We received several thoughtful responses to our most recent reader question, which asked: “What do you wish you had known about college ahead of time?”
The prompt was tied to our Sunday story about how mentoring programs at Western Washington University and the University of Washington are encouraging students to pursue post-secondary education by exposing them to the idea of college at a young age. Western’s program, called Compass 2 Campus, invites younger students to ask college kids whatever they’d like about campus life; the common questions can be both easy (“Do you live with your teachers?”) and more complicated (“What if you do not have money to go to college?”) to answer.
Here are a few examples of what our readers said they wish they had known about college when they were younger. Some responses have been edited for length and grammar.
I wish I’d been taught how to study. The primary way to get a study skills class in college is when you need remedial help. But how do you remediate what’s never been taught? I learned the hard way, and I eventually got it, but if there had been a class called How to Read in College, I’d have signed up right away.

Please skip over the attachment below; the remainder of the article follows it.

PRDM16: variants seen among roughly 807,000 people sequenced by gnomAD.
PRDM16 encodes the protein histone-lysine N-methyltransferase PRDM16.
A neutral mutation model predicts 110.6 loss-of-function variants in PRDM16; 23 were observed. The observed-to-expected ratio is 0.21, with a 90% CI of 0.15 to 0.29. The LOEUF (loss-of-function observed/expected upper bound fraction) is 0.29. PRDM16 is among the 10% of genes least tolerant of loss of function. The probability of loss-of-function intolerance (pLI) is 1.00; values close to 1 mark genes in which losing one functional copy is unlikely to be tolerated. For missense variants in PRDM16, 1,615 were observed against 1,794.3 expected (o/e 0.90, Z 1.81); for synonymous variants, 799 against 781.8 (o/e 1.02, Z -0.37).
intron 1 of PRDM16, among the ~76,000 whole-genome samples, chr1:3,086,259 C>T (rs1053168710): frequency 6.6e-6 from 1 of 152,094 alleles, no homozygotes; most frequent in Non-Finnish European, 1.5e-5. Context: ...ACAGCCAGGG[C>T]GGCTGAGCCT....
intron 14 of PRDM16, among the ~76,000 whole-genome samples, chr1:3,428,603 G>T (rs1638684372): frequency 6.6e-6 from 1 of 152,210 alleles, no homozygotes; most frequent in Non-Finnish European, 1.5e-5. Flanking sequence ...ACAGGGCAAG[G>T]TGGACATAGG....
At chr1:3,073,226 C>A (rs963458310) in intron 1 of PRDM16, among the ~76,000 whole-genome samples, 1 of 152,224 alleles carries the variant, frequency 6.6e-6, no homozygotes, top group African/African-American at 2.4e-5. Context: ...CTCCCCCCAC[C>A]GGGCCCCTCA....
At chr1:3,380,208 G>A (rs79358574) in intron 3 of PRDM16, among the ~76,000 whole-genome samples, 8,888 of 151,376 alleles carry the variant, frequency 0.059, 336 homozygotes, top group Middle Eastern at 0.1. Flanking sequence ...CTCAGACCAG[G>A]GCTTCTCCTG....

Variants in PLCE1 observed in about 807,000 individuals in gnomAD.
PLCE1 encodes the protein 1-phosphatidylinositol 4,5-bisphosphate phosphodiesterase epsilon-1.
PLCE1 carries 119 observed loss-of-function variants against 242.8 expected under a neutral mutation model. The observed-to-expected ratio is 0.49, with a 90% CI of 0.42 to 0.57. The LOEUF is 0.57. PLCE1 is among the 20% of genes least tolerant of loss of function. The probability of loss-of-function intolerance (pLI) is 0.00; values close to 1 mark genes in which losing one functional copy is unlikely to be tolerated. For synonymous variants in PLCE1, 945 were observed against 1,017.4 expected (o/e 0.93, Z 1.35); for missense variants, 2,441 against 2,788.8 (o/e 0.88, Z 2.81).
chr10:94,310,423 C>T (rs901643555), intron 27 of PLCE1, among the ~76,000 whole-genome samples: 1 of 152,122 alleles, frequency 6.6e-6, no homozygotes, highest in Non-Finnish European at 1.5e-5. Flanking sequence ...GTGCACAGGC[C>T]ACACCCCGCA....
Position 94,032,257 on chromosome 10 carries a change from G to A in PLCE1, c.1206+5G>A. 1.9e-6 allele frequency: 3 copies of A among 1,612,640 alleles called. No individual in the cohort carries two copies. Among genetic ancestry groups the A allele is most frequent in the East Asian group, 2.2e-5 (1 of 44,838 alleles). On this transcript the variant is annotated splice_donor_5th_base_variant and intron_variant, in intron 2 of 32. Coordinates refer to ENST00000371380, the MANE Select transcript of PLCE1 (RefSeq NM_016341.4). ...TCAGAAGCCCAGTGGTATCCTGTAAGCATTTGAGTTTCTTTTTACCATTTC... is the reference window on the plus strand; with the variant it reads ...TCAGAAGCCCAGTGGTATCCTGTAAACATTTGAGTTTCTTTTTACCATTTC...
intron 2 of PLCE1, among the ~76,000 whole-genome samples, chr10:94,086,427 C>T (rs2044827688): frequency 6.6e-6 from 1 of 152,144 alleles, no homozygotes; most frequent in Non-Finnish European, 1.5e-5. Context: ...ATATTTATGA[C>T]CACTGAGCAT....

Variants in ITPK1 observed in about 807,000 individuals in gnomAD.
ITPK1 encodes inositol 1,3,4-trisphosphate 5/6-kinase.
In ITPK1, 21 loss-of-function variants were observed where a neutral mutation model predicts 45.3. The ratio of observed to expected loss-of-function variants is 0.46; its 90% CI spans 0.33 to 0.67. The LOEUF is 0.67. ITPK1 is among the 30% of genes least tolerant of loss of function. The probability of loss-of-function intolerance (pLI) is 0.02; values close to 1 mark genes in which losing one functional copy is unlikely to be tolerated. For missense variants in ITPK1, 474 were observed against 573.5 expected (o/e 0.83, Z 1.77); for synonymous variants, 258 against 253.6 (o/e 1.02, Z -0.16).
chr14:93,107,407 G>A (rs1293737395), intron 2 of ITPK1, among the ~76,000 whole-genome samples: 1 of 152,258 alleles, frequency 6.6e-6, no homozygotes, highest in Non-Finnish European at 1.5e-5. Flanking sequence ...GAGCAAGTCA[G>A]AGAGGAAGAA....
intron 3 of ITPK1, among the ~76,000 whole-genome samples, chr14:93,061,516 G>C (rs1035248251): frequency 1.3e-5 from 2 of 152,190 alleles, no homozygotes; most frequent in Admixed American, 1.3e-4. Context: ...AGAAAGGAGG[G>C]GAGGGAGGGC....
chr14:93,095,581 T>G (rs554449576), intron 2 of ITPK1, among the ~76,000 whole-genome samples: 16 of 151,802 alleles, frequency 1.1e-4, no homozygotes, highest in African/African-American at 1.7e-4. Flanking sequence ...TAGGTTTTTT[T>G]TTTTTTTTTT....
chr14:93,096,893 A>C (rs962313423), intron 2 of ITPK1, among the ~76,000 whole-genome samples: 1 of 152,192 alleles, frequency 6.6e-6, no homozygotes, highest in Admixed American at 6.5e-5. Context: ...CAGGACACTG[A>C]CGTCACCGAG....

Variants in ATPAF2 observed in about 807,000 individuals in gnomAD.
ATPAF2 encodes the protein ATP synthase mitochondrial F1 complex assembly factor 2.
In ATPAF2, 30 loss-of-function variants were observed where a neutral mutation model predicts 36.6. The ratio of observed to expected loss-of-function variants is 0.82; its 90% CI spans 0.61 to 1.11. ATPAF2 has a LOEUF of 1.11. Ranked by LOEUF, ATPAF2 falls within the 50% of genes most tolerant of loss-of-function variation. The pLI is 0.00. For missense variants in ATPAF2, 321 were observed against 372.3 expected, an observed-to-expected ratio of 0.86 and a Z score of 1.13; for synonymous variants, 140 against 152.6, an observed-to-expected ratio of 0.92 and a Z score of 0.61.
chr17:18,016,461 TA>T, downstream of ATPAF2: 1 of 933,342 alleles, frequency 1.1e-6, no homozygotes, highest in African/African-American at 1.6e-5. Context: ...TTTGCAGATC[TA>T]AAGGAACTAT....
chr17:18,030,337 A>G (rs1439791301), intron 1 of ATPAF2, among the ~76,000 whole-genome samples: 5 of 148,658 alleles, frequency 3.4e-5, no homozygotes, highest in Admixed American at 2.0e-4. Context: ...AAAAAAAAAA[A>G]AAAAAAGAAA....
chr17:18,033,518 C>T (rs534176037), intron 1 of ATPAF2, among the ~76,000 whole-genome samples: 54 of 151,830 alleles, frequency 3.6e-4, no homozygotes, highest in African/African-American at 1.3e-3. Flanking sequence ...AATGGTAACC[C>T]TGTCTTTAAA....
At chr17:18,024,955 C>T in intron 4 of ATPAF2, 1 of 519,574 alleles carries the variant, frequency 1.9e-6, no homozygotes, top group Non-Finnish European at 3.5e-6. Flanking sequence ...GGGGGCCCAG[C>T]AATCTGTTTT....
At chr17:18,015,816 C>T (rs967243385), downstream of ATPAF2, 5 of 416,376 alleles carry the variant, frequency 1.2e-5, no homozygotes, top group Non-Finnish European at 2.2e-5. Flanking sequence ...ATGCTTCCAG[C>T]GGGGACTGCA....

—Drego Little, Seattle
I wish I had known to do more research about my major and what it would actually do for me job-wise. I don’t use my degree for my job now, and I keep hearing about many people who take out huge school loans and graduate with few job skills. I worked my way through school, which was not fun, but at least I got out of college debt free. With recent tuition hikes, getting out debt free is much harder, and students need to make sure the loans will be worth it.
—Michelle Jones, Everett